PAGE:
How did people in the 1900s envisage 21st century life? From Terminator (1984) to Blade Runner (1982), popular culture is littered with references to flying cars, time travel, robot assistants and artificial intelligence gone awry. Boston Globe illustrations from 1900 show moving sidewalks and pneumatic tube systems, designed to deliver us everything from newspapers to food. Now, Getxophoto International Image Festival encourages us to imagine what happens next, showcasing the work of lens-based artists who are looking at today’s world from a wide variety of viewpoints. Many of them mine the past to offer future definitions of gender, nature and technology. Here are five names to look out for at the 2022 edition.
A portable film screen, its rectangular surface unfurled and stretched taut, occupies the central picture space of Off Screen, obscuring events taking place just out of view. Figures sit, holding glasses of wine, looking towards something we cannot see. The project was made in the late 1990s by artist John Hilliard yet remains strikingly relevant today. Our attention is constantly being drawn away from the “here and now” by news feeds and notifications – algorithms continually encouraging us to log on, scroll and shop.
Marisol Méndez’s Madre (Mother) celebrates the diversity of Bolivian culture, focusing specifically on representations of women. The images document indigenous and mestizo women, alongside reinterpreted religious figures, retouched family photographs and carefully staged portraits. Featuring images from Méndez’s own albums, the project questions both personal and national histories – revealing the positions women have traditionally been “granted” in society, and looking towards where they might go next.
Argentinian artist Sofia Crespo works with neural networks and artificial intelligence algorithms to create “synthetic” images of nature. Each scene appears to resemble certain animals and ecosystems – it is possible to recognise textures, colours and contours – however, these forms are not structured following a natural layout. Instead, they use the logic of machine learning. Crespo collects large numbers of images of a certain habitat, species or individual which she uses to train a generative algorithm. The outcome is mesmeric: a collaborative process between human and computational vision.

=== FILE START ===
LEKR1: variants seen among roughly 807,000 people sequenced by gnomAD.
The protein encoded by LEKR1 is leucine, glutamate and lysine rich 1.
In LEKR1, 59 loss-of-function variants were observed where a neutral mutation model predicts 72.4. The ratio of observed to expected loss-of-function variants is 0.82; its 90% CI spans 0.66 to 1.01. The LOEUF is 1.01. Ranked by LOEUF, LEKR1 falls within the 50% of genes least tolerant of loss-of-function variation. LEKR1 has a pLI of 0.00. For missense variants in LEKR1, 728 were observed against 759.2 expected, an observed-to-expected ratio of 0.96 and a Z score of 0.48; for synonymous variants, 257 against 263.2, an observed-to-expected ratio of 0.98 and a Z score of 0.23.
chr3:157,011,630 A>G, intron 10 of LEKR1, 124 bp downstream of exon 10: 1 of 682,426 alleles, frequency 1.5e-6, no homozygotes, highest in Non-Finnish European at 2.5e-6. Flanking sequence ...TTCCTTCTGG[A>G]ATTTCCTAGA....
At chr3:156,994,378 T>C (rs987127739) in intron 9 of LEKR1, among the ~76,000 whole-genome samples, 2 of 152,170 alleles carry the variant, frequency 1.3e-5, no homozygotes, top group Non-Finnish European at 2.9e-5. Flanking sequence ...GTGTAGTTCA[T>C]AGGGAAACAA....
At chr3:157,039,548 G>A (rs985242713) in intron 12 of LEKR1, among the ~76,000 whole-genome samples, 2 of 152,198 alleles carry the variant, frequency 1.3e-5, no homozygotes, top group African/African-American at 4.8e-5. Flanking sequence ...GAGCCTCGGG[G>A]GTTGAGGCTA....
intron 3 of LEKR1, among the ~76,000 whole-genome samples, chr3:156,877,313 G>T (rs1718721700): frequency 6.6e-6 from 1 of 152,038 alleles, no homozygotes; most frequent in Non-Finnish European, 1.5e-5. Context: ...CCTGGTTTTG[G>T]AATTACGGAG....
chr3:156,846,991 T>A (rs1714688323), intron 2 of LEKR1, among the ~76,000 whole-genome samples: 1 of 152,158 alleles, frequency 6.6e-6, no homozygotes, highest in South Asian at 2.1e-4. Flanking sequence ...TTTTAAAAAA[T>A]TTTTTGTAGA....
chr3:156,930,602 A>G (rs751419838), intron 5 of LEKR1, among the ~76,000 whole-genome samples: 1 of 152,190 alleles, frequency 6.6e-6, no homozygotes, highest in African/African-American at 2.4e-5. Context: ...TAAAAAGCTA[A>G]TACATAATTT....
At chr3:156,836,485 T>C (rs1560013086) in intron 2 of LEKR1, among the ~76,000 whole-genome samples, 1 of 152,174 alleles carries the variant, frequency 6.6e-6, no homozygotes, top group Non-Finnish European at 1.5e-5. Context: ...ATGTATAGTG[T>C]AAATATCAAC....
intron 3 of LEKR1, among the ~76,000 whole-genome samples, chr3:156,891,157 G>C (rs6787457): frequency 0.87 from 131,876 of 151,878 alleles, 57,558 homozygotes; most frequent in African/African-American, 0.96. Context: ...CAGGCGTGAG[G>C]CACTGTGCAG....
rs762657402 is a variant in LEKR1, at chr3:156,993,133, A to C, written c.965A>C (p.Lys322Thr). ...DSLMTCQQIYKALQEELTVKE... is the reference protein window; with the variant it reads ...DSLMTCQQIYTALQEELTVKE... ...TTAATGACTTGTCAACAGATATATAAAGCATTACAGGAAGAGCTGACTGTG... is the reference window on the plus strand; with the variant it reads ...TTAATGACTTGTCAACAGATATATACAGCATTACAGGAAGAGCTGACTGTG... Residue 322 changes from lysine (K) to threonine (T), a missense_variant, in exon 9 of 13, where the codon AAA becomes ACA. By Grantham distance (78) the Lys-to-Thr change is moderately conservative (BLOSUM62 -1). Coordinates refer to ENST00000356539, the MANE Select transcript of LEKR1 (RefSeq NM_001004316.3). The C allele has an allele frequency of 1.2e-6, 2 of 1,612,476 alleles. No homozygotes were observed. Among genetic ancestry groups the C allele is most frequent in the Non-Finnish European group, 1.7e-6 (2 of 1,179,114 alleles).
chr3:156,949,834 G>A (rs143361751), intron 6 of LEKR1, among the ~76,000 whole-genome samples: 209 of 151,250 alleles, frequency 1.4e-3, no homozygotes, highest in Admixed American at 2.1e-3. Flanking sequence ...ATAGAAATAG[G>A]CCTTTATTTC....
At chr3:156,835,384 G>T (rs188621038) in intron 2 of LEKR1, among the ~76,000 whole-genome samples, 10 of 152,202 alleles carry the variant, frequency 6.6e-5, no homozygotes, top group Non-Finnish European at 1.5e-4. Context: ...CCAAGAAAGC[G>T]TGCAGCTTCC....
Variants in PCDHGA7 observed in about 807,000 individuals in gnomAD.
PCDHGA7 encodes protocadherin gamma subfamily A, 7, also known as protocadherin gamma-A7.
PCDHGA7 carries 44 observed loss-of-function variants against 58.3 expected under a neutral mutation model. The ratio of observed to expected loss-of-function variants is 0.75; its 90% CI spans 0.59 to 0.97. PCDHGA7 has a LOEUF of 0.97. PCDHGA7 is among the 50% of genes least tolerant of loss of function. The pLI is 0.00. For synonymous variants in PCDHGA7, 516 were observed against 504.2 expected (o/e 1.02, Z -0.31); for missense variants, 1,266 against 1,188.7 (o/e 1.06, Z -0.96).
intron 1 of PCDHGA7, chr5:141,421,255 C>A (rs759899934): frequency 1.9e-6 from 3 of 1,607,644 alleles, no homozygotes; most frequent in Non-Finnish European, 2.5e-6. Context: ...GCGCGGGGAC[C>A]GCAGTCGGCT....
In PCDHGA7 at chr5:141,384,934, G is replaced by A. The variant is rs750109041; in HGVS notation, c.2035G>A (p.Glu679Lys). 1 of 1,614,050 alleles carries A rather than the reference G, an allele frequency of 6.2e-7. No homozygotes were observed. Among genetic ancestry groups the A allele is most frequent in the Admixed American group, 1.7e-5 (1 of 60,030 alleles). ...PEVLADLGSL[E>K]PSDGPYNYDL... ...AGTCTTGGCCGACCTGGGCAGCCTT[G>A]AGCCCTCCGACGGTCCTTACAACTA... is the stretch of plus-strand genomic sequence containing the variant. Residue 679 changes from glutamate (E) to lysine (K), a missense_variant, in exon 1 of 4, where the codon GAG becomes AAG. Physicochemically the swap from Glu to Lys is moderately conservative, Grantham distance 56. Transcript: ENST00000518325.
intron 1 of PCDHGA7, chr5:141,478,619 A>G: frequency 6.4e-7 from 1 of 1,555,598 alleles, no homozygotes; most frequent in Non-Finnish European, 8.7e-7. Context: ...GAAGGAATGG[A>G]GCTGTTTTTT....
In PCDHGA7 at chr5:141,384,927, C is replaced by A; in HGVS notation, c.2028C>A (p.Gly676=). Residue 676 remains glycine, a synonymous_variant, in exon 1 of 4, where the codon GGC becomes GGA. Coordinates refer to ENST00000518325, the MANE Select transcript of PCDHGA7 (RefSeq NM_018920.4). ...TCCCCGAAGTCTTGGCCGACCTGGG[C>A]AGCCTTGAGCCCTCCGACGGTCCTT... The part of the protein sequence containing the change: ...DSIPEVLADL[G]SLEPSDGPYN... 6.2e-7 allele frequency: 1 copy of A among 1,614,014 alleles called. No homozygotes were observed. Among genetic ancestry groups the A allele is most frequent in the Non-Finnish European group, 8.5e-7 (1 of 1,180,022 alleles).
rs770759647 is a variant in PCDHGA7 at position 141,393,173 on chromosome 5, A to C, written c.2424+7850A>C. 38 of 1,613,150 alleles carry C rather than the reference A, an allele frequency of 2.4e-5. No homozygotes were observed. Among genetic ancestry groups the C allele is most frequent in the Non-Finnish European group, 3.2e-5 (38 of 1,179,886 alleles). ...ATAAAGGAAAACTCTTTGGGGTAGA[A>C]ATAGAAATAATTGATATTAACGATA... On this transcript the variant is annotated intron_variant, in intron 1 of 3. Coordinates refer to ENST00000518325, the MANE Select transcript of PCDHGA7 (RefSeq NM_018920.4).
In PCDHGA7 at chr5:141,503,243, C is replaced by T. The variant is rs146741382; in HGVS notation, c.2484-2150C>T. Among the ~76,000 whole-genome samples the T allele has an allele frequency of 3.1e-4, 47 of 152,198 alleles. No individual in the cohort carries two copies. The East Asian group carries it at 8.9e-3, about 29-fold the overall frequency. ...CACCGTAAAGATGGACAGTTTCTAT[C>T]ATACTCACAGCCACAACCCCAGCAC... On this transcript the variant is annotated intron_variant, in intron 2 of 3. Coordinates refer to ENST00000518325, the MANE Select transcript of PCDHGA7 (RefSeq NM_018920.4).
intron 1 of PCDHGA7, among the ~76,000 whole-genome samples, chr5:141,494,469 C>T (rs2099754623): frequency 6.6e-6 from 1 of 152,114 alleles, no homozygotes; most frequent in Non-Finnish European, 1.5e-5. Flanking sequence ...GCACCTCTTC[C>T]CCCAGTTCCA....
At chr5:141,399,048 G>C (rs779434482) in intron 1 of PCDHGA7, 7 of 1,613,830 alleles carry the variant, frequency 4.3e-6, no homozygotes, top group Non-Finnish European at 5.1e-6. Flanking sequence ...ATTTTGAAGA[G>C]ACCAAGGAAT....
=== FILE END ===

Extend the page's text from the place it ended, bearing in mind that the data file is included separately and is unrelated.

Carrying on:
Between 1609 and 1614, up to 7,000 people were accused of witchcraft in Basque Spain. At least 2,000 of those accused were investigated and tortured. 11 died. Bilbao-based photographer Bego Antón has spent time researching people – specifically women – who were accused of being sorginak (witches) in the region. Antón’s body of work looks at the circumstances under which this “fanatical, misogynistic finger pointing” took place, highlighting historical engravings and staged images based on traditional iconography. By reckoning with this uncomfortable past, Antón pays homage to those who lost their lives – whilst revealing sustained mechanisms of discrimination, hate and fear.
History has been constructed and narrated by the power of visual media: single photographs, paintings or video clips that sum up complex world events or cultural developments. In the digital age, “viral” images can circulate the globe in minutes. Swiss artists Cortis & Sonderegger deconstruct some of the best-known scenes in the history of photography. They create and document detailed models of famous events – making sure to include the tools, materials and workspace used in the process. The aim: to question the role of photography as “an instrument for the construction of linear, monolithic stories.”
2-26 June | getxophoto.com